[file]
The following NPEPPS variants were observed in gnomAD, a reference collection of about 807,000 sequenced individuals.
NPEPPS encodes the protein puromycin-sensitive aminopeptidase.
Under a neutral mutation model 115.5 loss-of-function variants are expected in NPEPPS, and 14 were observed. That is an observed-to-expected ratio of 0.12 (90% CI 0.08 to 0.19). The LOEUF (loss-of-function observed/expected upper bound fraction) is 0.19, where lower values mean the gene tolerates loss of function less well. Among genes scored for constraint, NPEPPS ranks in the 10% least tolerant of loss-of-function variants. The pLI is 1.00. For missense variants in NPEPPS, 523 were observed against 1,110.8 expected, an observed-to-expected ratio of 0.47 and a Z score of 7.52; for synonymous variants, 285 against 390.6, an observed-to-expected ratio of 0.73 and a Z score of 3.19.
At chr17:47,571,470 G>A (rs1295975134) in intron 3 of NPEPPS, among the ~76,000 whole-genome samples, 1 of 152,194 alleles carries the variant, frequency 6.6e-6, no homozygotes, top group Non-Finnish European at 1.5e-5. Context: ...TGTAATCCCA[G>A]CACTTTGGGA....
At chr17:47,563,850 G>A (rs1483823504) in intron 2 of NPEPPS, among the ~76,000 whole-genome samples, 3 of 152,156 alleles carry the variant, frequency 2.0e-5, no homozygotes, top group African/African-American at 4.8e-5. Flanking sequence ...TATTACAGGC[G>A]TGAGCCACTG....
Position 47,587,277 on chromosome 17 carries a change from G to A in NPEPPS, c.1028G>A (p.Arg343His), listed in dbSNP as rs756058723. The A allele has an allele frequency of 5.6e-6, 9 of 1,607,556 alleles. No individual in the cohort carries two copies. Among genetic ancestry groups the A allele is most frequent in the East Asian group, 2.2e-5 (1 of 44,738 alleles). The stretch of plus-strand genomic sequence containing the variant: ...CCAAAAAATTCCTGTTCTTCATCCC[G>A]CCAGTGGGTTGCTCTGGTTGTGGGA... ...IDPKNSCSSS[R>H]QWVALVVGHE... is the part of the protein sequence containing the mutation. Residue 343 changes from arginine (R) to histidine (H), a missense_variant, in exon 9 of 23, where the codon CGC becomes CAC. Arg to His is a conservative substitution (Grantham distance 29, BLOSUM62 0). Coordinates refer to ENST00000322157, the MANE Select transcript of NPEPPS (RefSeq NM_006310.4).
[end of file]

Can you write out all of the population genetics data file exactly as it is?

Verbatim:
The following NPEPPS variants were observed in gnomAD, a reference collection of about 807,000 sequenced individuals.
NPEPPS encodes the protein puromycin-sensitive aminopeptidase.
Under a neutral mutation model 115.5 loss-of-function variants are expected in NPEPPS, and 14 were observed. That is an observed-to-expected ratio of 0.12 (90% CI 0.08 to 0.19). The LOEUF (loss-of-function observed/expected upper bound fraction) is 0.19, where lower values mean the gene tolerates loss of function less well. Among genes scored for constraint, NPEPPS ranks in the 10% least tolerant of loss-of-function variants. The pLI is 1.00. For missense variants in NPEPPS, 523 were observed against 1,110.8 expected, an observed-to-expected ratio of 0.47 and a Z score of 7.52; for synonymous variants, 285 against 390.6, an observed-to-expected ratio of 0.73 and a Z score of 3.19.
At chr17:47,571,470 G>A (rs1295975134) in intron 3 of NPEPPS, among the ~76,000 whole-genome samples, 1 of 152,194 alleles carries the variant, frequency 6.6e-6, no homozygotes, top group Non-Finnish European at 1.5e-5. Context: ...TGTAATCCCA[G>A]CACTTTGGGA....
At chr17:47,563,850 G>A (rs1483823504) in intron 2 of NPEPPS, among the ~76,000 whole-genome samples, 3 of 152,156 alleles carry the variant, frequency 2.0e-5, no homozygotes, top group African/African-American at 4.8e-5. Flanking sequence ...TATTACAGGC[G>A]TGAGCCACTG....
Position 47,587,277 on chromosome 17 carries a change from G to A in NPEPPS, c.1028G>A (p.Arg343His), listed in dbSNP as rs756058723. The A allele has an allele frequency of 5.6e-6, 9 of 1,607,556 alleles. No individual in the cohort carries two copies. Among genetic ancestry groups the A allele is most frequent in the East Asian group, 2.2e-5 (1 of 44,738 alleles). The stretch of plus-strand genomic sequence containing the variant: ...CCAAAAAATTCCTGTTCTTCATCCC[G>A]CCAGTGGGTTGCTCTGGTTGTGGGA... ...IDPKNSCSSS[R>H]QWVALVVGHE... is the part of the protein sequence containing the mutation. Residue 343 changes from arginine (R) to histidine (H), a missense_variant, in exon 9 of 23, where the codon CGC becomes CAC. Arg to His is a conservative substitution (Grantham distance 29, BLOSUM62 0). Coordinates refer to ENST00000322157, the MANE Select transcript of NPEPPS (RefSeq NM_006310.4).